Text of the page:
My father's legacy (1), Sekou Nkrumah's recollections of his dad
The only certain facts about Nkrumah's birth appear to be that he was born in the village of Nkroful in Nzima around mid¬day on a Saturday in mid September.
Nzima lies in the extreme South¬west of Ghana and covers an area of about a thousand square miles stretching from the river Ankobra on the east to the river Tano and its lagoon on the west. Nzima was known to Europeans for many years as Apollonia because it was on the feast day of St. Apollo that the white man first set foot in Nzima land.
In the outlying areas of the then Gold Coast, nobody bothered to record the dates of births, marriages and deaths, as is the custom of the Western world. Such happenings were remarkable only because they provided a cause for celebration. By tribal custom it was enough for a mother to assess the age of her child by calculating the number of national festivals that had been celebrated since its birth.
The national festival of Nzima is called Kundum. According to Nkrumah's mother's calculations, forty-five Kundums have taken place since he was born, which makes the year of his birth 1912.
On the other hand, the priest who later baptized him into the Roman Catholic Church recorded his birth date as September 21, 1909.
In Nkrumah's autobiography he writes: " ...Although this was a mere guess on his part, I have always used this date on official documents, not so much because I believed in its accuracy, but in so far as officialdom was concerned, it was the line of least resistance. It was not until recently that I came to realise how near the mark this guess must have been."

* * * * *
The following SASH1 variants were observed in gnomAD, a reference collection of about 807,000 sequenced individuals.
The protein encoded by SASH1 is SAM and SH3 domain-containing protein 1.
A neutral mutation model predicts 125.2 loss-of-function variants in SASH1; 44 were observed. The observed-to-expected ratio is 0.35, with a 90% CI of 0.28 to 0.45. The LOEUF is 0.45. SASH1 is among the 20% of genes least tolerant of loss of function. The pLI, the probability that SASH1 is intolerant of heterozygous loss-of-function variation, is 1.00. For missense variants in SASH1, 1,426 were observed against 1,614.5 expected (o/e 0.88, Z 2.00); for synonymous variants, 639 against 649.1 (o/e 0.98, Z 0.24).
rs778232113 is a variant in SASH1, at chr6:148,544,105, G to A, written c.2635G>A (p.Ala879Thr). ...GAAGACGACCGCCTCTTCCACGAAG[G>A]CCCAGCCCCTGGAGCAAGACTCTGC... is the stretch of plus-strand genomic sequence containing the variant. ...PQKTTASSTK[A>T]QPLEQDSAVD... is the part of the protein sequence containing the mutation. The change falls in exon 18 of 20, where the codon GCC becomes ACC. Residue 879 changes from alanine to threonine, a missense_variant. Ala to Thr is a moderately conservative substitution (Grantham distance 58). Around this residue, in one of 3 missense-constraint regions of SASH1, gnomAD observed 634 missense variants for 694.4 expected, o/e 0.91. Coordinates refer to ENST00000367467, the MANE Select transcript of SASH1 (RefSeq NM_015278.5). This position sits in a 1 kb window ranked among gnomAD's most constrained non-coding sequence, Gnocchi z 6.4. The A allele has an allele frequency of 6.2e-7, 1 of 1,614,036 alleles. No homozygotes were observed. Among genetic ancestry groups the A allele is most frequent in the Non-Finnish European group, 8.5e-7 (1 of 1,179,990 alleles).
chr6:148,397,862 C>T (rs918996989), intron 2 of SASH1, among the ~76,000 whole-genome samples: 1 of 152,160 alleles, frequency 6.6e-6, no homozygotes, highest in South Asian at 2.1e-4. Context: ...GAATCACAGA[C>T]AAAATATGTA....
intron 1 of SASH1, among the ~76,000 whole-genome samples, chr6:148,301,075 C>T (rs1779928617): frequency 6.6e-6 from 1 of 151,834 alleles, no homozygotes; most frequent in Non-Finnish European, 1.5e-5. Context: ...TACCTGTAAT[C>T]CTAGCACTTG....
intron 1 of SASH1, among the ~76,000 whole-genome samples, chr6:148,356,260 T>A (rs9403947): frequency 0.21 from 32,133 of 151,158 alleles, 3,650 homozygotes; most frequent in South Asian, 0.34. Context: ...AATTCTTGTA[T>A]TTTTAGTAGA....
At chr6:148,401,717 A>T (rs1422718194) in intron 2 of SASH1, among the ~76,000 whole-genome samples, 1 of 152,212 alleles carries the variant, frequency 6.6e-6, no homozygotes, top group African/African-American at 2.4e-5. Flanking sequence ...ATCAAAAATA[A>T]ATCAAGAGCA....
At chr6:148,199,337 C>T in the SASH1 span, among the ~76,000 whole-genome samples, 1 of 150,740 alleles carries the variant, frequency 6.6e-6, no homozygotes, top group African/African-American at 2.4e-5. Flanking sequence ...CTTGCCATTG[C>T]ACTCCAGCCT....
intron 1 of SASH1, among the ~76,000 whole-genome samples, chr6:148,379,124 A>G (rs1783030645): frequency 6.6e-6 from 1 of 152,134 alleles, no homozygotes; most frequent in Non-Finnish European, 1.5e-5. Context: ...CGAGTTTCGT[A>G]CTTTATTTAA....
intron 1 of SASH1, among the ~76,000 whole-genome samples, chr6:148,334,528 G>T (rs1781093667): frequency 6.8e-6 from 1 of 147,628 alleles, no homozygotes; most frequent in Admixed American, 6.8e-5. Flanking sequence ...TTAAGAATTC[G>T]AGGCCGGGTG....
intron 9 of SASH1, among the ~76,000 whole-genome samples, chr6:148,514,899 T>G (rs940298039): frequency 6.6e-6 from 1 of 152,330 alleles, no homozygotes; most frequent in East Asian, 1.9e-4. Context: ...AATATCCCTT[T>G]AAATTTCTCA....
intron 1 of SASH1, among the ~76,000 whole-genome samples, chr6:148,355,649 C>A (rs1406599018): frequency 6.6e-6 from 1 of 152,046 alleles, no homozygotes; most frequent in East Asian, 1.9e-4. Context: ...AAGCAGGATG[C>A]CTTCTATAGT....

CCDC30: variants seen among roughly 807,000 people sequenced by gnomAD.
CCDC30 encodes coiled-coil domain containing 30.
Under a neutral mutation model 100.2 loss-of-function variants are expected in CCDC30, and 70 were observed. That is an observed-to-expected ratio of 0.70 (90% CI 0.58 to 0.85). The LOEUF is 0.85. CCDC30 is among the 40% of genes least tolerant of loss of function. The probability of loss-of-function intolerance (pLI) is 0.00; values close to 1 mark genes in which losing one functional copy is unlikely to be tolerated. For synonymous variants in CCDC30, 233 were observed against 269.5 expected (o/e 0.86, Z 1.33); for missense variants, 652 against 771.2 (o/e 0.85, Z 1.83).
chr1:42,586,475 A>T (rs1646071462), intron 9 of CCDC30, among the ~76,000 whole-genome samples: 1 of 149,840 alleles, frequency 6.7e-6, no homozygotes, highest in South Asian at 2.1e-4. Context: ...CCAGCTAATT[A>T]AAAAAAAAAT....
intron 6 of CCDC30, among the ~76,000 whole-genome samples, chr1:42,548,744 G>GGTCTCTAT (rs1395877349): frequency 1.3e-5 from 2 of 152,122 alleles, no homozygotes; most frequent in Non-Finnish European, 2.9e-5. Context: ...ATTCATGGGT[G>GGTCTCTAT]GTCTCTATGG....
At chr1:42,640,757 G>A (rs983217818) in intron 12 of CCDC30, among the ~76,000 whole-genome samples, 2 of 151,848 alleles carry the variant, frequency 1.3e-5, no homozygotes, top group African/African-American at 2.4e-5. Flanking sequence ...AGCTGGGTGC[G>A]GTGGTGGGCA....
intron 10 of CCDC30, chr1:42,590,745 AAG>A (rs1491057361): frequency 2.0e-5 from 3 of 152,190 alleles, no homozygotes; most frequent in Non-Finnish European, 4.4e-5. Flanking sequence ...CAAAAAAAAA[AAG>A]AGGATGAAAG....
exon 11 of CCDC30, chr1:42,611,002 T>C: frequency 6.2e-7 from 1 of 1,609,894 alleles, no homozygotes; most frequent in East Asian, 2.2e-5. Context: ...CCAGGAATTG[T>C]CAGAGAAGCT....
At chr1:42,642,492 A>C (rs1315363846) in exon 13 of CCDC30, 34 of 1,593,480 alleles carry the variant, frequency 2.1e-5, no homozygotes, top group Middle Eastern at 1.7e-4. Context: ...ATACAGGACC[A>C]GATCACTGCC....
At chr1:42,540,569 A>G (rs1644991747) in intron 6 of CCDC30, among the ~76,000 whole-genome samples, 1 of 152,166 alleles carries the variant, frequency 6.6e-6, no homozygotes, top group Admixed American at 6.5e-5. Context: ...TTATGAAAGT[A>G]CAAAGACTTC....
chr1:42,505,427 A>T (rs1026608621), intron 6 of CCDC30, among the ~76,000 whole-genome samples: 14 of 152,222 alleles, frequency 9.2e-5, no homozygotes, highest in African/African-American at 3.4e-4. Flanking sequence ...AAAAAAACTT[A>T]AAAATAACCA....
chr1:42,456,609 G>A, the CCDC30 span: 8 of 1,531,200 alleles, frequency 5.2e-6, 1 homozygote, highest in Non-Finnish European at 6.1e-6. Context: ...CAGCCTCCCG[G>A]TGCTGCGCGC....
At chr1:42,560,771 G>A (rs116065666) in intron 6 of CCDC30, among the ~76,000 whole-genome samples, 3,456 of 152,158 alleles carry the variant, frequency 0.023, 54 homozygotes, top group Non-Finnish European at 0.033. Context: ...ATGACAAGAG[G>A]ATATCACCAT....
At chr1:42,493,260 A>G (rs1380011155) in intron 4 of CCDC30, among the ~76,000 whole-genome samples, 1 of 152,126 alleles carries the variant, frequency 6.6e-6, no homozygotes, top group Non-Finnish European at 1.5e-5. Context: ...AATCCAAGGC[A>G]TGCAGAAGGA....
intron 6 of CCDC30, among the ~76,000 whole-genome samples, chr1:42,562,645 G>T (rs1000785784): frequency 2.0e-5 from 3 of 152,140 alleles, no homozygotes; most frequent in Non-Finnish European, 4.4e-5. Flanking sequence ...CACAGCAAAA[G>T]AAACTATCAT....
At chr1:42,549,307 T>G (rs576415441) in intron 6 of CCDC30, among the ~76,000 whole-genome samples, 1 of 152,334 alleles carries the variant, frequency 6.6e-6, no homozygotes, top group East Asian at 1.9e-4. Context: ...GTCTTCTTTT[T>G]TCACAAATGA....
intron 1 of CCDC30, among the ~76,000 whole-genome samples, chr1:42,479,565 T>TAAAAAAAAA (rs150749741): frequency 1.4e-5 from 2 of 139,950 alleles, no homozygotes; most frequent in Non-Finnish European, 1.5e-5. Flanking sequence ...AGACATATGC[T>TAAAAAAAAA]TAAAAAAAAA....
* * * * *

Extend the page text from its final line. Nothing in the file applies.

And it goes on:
Nkrumah goes on to recapture a short holiday spent in Nzima where he had the opportunity to revisit some of his childhood haunts, and to recapture the past. As he sat with some friends on the sea shore at Half Assini their eyes were drawn to the rusty brink of the Bakana, a cargo boat owned by the British and African steam Navigation Company which had been wrecked in 1913 and had come to rest on the sea shore.
The Bakana had been a landmark to Nkrumah for so long that he had never realised how significant a part it could play in throwing light on his age. One of his friends then asked what had happened and whether he could remember it. Although Nkrumah was certainly not older than three or four years at the time, he could well remember being told the story of this disaster.
His mother confirmed the fact that he was a small boy at that time the event occurred some little time after she had brought him from Nkroful to live with his father at Half Assini. Assuming, therefore, that the year of Nkrumah birth was 1909, the Saturday nearest to the middle of September in that year was the 18th. It seems likely, therefore, that he was born on Saturday, September 18, 1909.
Source: Ghanaian Times